In Brief: Vail backcountry skier killed; big rig crash gums up canyon; Roaring Fork panel needs alternates |

In Brief: Vail backcountry skier killed; big rig crash gums up canyon; Roaring Fork panel needs alternates

Staff Report

Backcountry skier killed in East Vail

A skier has died in East Vail following a skiing accident, Eagle County Coroner Kara Bettis has confirmed.

The Eagle County Sheriff’s Office responded to the incident, which occurred during the afternoon hours on Monday.

The name of the skier has not yet been released.

The East Vail backcountry is accessed from the China Bowl area of Vail Mountain and has proven to be a deadly area in the years following Vail’s expansion into China Bowl in the 1980s. Monday’s death is the 11th death in the East Vail backcountry since 1986.

Big-rig crash closes westbound Glenwood Canyon

A hazmat spill caused by four big rigs, including a semi-trailer tanker hauling gasoline, colliding on Interstate 70 near Dotsero on Tuesday morning cleared up around 6:30 p.m.

The westbound lane had been closed through Glenwood Canyon since 7:40 a.m.

Colorado State Patrol Public Information Officer Gary Cutler reported no injuries. The cause of the collision had not yet been determined.

Alternates still sought for Roaring Fork planning body

Eagle County has openings for alternates on the Roaring Fork Valley Regional Planning Commission touted by county officials as an opportunity to participate in discussions about the future.

The commission makes recommendations to the Eagle County Board of Commissioners regarding land use within the Roaring Fork Valley, Missouri Heights, and Frying Pan Road areas of unincorporated Eagle County. The commission meets on the first and third Thursday of every month at 2:30 p.m.

Applications are available online at Applications are due no later than Jan. 31 and can be submitted via email to For more information or to obtain a hard copy of the application, contact Jill Ragaller at 970-328-8751.

Cold feet about a Sweetwater State Park

Sweetwater Lake is supposed to be the state’s 43rd state park. A 2019 “Save The Lake” fundraising campaign helped the White River National Forest land its largest contribution from the Land and Water Conservation Fund to acquire the 488-acre property above the Colorado River.

A one-of-a-kind partnership with Colorado Parks and Wildlife is planned to modernize the property’s facilities and manage recreation at the remote lake surrounded by a smattering of homes and wilderness at the end of a long dirt road. 

Now, the community of Sweetwater is raising a red flag. After two years of meetings with the U.S. Forest Service and CPW, a group of residents last week warned the federal and state agencies that the community is ready to stop cooperating and start fighting as plans unfold for a highly-trafficked destination.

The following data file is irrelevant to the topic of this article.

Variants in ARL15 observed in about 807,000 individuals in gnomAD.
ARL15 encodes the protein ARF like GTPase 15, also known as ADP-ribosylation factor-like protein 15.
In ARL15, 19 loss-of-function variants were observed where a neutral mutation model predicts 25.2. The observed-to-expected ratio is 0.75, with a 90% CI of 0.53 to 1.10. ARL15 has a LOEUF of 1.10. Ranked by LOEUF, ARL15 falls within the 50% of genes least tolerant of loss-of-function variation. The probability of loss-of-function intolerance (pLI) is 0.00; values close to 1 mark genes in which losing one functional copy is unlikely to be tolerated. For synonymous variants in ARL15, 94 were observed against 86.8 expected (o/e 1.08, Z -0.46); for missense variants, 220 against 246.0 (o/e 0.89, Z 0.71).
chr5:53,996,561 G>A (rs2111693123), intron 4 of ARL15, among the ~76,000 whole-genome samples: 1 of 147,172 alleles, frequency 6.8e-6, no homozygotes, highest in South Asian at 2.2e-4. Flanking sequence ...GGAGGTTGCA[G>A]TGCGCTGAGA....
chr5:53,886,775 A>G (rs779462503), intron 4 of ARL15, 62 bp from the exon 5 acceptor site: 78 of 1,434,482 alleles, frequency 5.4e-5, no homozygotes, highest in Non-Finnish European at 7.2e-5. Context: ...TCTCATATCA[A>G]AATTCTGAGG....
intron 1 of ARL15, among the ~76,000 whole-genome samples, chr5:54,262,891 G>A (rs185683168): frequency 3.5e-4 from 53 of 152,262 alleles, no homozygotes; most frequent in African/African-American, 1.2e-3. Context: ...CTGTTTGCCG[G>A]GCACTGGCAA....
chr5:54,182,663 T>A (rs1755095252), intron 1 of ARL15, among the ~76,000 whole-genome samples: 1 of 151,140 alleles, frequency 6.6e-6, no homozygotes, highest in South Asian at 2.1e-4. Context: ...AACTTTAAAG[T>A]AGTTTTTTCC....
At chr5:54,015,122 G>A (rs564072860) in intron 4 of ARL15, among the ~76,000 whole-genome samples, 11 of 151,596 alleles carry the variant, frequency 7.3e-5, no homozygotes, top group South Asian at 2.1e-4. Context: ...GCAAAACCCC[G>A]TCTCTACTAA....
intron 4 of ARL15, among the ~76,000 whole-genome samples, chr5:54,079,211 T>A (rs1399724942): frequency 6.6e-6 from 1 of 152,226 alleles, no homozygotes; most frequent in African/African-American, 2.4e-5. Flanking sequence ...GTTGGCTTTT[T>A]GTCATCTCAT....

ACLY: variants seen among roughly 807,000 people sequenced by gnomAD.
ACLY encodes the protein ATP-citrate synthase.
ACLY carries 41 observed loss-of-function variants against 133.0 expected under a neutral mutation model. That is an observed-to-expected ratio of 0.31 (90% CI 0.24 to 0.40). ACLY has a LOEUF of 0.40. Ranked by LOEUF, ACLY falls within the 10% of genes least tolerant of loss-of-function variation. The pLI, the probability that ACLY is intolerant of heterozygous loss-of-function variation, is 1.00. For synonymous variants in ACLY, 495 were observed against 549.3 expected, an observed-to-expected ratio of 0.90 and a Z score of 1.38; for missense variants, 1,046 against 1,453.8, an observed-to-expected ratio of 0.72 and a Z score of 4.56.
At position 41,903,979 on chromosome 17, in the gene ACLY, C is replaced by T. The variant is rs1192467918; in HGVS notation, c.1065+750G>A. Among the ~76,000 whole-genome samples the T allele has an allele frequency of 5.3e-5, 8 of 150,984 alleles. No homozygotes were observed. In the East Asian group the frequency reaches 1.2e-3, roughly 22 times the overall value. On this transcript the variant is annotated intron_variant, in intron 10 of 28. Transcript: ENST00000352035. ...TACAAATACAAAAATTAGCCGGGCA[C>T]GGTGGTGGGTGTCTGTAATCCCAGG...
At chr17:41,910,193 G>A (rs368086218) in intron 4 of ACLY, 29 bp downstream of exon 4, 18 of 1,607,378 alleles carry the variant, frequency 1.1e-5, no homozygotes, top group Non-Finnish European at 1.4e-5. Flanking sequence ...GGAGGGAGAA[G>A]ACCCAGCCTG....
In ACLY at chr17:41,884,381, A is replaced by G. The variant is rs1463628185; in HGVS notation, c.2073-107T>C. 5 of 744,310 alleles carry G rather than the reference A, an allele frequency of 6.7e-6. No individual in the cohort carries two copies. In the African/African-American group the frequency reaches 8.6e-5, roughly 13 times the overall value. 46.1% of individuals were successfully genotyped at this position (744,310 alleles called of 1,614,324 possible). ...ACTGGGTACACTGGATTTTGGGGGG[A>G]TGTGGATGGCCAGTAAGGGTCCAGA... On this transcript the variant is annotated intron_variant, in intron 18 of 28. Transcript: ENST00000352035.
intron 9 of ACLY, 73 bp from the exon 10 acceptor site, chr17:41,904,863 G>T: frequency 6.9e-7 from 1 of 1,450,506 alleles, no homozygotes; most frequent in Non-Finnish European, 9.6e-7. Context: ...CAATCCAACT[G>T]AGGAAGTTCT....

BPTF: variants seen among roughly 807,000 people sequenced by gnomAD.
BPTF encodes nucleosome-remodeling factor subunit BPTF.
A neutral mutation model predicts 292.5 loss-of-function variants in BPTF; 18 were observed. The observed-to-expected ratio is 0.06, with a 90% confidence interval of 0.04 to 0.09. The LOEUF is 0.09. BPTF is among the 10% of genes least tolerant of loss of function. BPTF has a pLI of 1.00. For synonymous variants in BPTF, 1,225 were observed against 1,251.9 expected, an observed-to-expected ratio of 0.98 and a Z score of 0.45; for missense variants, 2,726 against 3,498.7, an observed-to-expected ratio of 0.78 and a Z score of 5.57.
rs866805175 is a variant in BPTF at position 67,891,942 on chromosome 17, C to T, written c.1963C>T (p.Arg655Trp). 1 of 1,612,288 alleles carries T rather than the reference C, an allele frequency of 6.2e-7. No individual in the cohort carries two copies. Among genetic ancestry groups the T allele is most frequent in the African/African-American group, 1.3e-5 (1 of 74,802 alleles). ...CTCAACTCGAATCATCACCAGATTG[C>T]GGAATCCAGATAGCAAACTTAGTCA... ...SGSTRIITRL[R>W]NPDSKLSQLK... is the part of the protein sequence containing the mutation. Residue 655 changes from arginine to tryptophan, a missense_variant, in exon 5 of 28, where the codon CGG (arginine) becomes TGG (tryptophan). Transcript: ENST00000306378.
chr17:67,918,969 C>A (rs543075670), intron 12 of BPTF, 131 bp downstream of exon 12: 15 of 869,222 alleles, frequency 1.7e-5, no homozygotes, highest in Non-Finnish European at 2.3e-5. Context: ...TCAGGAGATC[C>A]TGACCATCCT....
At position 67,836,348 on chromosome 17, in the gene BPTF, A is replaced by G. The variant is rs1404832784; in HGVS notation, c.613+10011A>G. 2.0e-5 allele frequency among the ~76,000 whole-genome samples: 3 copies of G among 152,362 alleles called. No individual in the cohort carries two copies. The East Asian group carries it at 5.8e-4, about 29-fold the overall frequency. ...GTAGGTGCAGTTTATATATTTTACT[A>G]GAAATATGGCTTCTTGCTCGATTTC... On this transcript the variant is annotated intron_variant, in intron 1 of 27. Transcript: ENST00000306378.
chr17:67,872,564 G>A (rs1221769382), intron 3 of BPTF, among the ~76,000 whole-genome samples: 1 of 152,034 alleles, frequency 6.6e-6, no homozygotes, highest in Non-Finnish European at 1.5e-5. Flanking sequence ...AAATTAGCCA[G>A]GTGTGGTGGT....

“I think we have moved from ‘save the lake’ to ‘save the community,’” said Janet Rivera, who raised her family near Sweetwater Lake.

The 11-member Sweetwater Lake community group — which has been meeting with USFS, CPW, and Eagle Valley Land Trust to hammer out a plan for the property — warned that a lack of progress on short-term plans for the lake and its nearly 40-year operator is eroding their support for a state park. 

“We feel these meetings have been largely unproductive and are being used to make it seem as if we support the state-park effort,” longtime Sweetwater resident Derrick Wiemer said, reading a letter outlining his group’s revolt at a meeting last Tuesday in Gypsum. “We also feel these meetings may potentially be used as a way to check a public input box …. Our trust continues to be broken.”

Hydroponic lettuce producer closes

A nearly 4-acre hydroponic lettuce-growing facility near Silt recently visited by Gov. Jared Polis now sits dark, stymied by what the owner said was an inability to distribute in larger regional market chains.

The lights turned off Dec. 27 at the once-vibrant plant with the potential of providing economic prosperity and employment to the region, along with a new approach to Colorado agriculture that was heavily supported by politicians both in the region and statewide, including Polis. 

“We saw the future of agriculture today,” Polis said in August while visiting the facility, “the future of food production, and it’s a more sustainable future, which it has to be when we’re having these tough discussions about the Colorado River Compact and the changing nature of water in the west.” 

The facility opened in June 2021 and started supplying lettuce in August that year. The initial funds to build the property were a $30-million expense financed by the U.S. Department of Agriculture and the Colorado Commercial Property Assessed Clean Energy.

After doubling sales in December 2022 and getting onboard with Sysco for distribution, Spring Born’s main investor pulled out, forcing the facility to close at the end of the year.

“This facility was designed to feed the state, not just local businesses,” Spring Born CEO Charles Barr said. “So, the size just didn’t match, and I can’t get it to the state unless I have distribution partners, or I have retail partners.”

Whole Foods and local grocery markets also carried Spring Born’s products on the shelves, while the other larger scale companies would not seem to budge.